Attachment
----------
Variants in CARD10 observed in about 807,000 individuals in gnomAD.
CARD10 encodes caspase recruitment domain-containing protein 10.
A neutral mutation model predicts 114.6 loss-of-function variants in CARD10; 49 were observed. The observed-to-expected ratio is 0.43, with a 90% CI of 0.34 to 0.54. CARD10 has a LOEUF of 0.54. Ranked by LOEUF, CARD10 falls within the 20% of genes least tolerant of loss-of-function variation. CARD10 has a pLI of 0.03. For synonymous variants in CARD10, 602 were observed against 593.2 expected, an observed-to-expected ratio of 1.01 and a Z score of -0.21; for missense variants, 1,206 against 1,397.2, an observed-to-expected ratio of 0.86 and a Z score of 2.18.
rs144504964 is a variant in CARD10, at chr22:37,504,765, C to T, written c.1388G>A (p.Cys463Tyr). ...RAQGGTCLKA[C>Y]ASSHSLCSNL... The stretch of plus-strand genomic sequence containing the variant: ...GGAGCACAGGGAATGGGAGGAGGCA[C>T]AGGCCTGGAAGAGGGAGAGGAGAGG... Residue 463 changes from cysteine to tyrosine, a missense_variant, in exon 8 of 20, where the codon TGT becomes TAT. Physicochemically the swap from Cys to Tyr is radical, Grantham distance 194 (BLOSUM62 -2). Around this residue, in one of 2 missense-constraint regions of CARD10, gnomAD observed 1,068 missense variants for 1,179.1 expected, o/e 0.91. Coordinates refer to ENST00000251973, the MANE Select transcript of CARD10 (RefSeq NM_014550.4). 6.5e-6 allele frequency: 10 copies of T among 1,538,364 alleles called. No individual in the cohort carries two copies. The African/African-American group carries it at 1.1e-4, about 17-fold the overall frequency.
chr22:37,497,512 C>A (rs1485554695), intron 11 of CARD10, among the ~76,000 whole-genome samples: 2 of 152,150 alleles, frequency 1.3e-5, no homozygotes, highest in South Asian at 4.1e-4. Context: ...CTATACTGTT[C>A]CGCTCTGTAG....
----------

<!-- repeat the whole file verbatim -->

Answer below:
Variants in CARD10 observed in about 807,000 individuals in gnomAD.
CARD10 encodes caspase recruitment domain-containing protein 10.
A neutral mutation model predicts 114.6 loss-of-function variants in CARD10; 49 were observed. The observed-to-expected ratio is 0.43, with a 90% CI of 0.34 to 0.54. CARD10 has a LOEUF of 0.54. Ranked by LOEUF, CARD10 falls within the 20% of genes least tolerant of loss-of-function variation. CARD10 has a pLI of 0.03. For synonymous variants in CARD10, 602 were observed against 593.2 expected, an observed-to-expected ratio of 1.01 and a Z score of -0.21; for missense variants, 1,206 against 1,397.2, an observed-to-expected ratio of 0.86 and a Z score of 2.18.
rs144504964 is a variant in CARD10, at chr22:37,504,765, C to T, written c.1388G>A (p.Cys463Tyr). ...RAQGGTCLKA[C>Y]ASSHSLCSNL... The stretch of plus-strand genomic sequence containing the variant: ...GGAGCACAGGGAATGGGAGGAGGCA[C>T]AGGCCTGGAAGAGGGAGAGGAGAGG... Residue 463 changes from cysteine to tyrosine, a missense_variant, in exon 8 of 20, where the codon TGT becomes TAT. Physicochemically the swap from Cys to Tyr is radical, Grantham distance 194 (BLOSUM62 -2). Around this residue, in one of 2 missense-constraint regions of CARD10, gnomAD observed 1,068 missense variants for 1,179.1 expected, o/e 0.91. Coordinates refer to ENST00000251973, the MANE Select transcript of CARD10 (RefSeq NM_014550.4). 6.5e-6 allele frequency: 10 copies of T among 1,538,364 alleles called. No individual in the cohort carries two copies. The African/African-American group carries it at 1.1e-4, about 17-fold the overall frequency.
chr22:37,497,512 C>A (rs1485554695), intron 11 of CARD10, among the ~76,000 whole-genome samples: 2 of 152,150 alleles, frequency 1.3e-5, no homozygotes, highest in South Asian at 4.1e-4. Context: ...CTATACTGTT[C>A]CGCTCTGTAG....